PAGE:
When you choose to leave one or both sides of the chest flat after mastectomy — rather than have breast reconstruction surgery with tissue flaps or implants — it is known as going flat. People who go flat either live flat all the time or choose to use external breast forms however often they wish.
Doctors sometimes assume that, after mastectomy, women want to rebuild their breasts, using either a breast implant or tissue from another place on the body (called flap or autologous reconstruction). If your doctor doesn’t present going flat as an option, you may have to be your own advocate and start the discussion yourself.
Current research shows that women who choose to rebuild their breasts have no advantage in quality of life, body image, and sexuality over those who choose to go flat. 1
Talking to Your Doctor About Going Flat
Feb. 27, 2021
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If you’re considering going flat, there’s no single, right time to make a final decision. Many women decide right away that going flat after mastectomy is the best option for them. Other women decide to go flat after having breast reconstruction surgery with either tissue flaps or implants, especially if they’ve experienced pain, discomfort, or other surgery-related issues. The most important thing is for you to make an informed choice that is right for you.
Making the decision to skip breast reconstruction with tissue flaps or implants after mastectomy and to go flat instead is a completely valid choice. It’s important to choose what best suits your preferences and lifestyle.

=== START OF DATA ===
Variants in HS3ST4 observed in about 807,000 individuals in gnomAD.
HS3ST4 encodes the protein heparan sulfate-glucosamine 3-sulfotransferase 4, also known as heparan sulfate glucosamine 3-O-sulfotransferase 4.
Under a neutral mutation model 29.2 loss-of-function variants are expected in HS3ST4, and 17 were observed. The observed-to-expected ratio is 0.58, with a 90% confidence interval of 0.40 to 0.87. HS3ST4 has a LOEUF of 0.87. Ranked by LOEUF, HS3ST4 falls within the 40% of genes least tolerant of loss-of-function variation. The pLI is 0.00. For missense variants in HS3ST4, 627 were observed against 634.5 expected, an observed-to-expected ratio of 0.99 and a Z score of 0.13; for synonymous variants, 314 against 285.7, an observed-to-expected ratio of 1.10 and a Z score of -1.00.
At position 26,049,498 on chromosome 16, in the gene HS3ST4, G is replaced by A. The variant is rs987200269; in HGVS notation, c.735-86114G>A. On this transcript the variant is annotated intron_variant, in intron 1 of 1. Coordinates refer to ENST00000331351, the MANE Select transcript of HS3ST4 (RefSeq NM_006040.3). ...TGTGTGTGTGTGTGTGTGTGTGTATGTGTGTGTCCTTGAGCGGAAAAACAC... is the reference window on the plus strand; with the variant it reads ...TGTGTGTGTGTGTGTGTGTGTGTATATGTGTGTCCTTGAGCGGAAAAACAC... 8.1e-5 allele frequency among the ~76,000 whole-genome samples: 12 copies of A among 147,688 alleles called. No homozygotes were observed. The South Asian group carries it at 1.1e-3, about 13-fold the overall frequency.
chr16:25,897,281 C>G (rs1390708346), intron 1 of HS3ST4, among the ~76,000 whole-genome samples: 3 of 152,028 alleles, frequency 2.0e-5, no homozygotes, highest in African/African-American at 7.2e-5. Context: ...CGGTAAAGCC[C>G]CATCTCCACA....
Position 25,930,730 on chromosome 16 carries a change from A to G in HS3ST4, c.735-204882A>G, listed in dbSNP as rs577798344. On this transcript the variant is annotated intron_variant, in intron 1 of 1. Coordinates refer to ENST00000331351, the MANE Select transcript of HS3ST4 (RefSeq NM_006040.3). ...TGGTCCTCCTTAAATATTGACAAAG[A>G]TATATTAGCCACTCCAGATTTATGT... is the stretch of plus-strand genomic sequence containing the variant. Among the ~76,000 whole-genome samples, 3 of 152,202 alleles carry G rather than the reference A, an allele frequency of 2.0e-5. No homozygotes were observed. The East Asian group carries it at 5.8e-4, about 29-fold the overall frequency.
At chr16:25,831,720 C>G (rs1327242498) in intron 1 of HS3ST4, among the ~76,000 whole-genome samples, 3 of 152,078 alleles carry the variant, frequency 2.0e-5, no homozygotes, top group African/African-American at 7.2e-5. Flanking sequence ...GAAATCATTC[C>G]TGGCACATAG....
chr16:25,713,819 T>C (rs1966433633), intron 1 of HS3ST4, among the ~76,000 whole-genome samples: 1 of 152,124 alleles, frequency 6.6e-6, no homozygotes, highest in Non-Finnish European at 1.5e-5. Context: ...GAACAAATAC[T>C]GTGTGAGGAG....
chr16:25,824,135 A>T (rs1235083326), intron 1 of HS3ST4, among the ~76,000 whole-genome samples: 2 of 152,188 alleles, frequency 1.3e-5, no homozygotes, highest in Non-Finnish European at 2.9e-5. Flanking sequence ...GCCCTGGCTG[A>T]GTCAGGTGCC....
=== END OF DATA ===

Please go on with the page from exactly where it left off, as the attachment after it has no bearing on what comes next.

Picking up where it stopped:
Learn more about Deciding To Go Flat.
Aesthetic flat closure is considered the gold standard for going flat and offers the best results. This procedure is sometimes also referred to as post-mastectomy chest wall reconstruction.
Learn more about Aesthetic Flat Closure
Some surgeons favor breast reconstruction with tissue flaps or implants. If you’ve decided to go flat, it’s important to find a surgeon who listens to and respects your choice.
Learn more about Talking to Your Surgical Team About Going Flat.
People who choose to go flat after mastectomy are becoming much more visible. Lending their support are celebrities who are also going flat after mastectomy, including actors Kathy Bates and Anjelica Huston and comedian Tig Notaro.
Still, it’s entirely up to you whether you discuss your decision to go flat with your friends and loved ones. You may want to consider making a list that includes:
the people you’d like to tell
how you’d like to tell them — whether in person, over the phone, or in a group chat
exactly what you feel comfortable sharing
boundaries so they understand you may not necessary be willing to answer all their questions
Sex after going flat
For many people, breasts are an important part of sexual arousal and intimacy. So it’s natural to wonder — or even worry about — what sex might be like after a mastectomy with aesthetic flat closure. It’s important to know that sex after mastectomy with aesthetic flat closure can be just as fulfilling as it was before surgery.
Some people find it helpful to talk with a sexual health therapist who works with people who’ve been diagnosed with breast cancer.
A therapist or counselor can also offer guidance on:
how to tell sexual partners about your decision to go flat
how to navigate the adjustment period after surgery as your figure out what you feel comfortable doing with a sexual partner
how to communicate your needs and desires to your sexual partners
You may also find it helpful to talk with others who have similar experiences. Organizations such as BreastFree, Not Putting on a Shirt, Flat Closure NOW, and Flat & Fabulous can be valuable resources, as can online discussion boards such as Living Without Reconstruction After a Mastectomy in our community.
Above all, remember to be patient with yourself. Sex and intimacy happen one step at a time after mastectomy.